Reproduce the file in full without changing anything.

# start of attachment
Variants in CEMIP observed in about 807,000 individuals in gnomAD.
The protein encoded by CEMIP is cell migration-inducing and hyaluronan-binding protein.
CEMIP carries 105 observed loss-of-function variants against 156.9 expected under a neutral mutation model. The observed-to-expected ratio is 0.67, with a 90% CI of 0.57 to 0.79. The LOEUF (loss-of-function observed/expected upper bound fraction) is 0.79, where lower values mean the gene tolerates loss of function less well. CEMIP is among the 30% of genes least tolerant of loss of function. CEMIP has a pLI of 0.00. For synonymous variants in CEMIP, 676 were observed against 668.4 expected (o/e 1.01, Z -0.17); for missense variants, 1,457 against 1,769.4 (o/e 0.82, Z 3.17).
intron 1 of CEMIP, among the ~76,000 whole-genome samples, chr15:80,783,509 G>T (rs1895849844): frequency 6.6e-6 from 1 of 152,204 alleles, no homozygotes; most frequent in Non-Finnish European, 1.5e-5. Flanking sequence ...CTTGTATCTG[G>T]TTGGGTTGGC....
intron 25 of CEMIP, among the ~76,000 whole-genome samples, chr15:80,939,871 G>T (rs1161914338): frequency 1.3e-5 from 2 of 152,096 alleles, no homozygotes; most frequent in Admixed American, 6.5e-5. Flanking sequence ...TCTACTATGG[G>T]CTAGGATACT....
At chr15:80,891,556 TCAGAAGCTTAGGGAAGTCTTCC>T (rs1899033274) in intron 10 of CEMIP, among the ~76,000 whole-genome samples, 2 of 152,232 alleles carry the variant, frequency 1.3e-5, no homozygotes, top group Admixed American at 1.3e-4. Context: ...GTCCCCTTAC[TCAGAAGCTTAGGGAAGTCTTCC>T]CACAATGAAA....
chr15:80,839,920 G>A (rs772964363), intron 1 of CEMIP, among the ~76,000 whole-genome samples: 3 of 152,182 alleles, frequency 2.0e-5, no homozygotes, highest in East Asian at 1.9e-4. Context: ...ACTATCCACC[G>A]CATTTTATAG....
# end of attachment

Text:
Variants in CEMIP observed in about 807,000 individuals in gnomAD.
The protein encoded by CEMIP is cell migration-inducing and hyaluronan-binding protein.
CEMIP carries 105 observed loss-of-function variants against 156.9 expected under a neutral mutation model. The observed-to-expected ratio is 0.67, with a 90% CI of 0.57 to 0.79. The LOEUF (loss-of-function observed/expected upper bound fraction) is 0.79, where lower values mean the gene tolerates loss of function less well. CEMIP is among the 30% of genes least tolerant of loss of function. CEMIP has a pLI of 0.00. For synonymous variants in CEMIP, 676 were observed against 668.4 expected (o/e 1.01, Z -0.17); for missense variants, 1,457 against 1,769.4 (o/e 0.82, Z 3.17).
intron 1 of CEMIP, among the ~76,000 whole-genome samples, chr15:80,783,509 G>T (rs1895849844): frequency 6.6e-6 from 1 of 152,204 alleles, no homozygotes; most frequent in Non-Finnish European, 1.5e-5. Flanking sequence ...CTTGTATCTG[G>T]TTGGGTTGGC....
intron 25 of CEMIP, among the ~76,000 whole-genome samples, chr15:80,939,871 G>T (rs1161914338): frequency 1.3e-5 from 2 of 152,096 alleles, no homozygotes; most frequent in Admixed American, 6.5e-5. Flanking sequence ...TCTACTATGG[G>T]CTAGGATACT....
At chr15:80,891,556 TCAGAAGCTTAGGGAAGTCTTCC>T (rs1899033274) in intron 10 of CEMIP, among the ~76,000 whole-genome samples, 2 of 152,232 alleles carry the variant, frequency 1.3e-5, no homozygotes, top group Admixed American at 1.3e-4. Context: ...GTCCCCTTAC[TCAGAAGCTTAGGGAAGTCTTCC>T]CACAATGAAA....
chr15:80,839,920 G>A (rs772964363), intron 1 of CEMIP, among the ~76,000 whole-genome samples: 3 of 152,182 alleles, frequency 2.0e-5, no homozygotes, highest in East Asian at 1.9e-4. Context: ...ACTATCCACC[G>A]CATTTTATAG....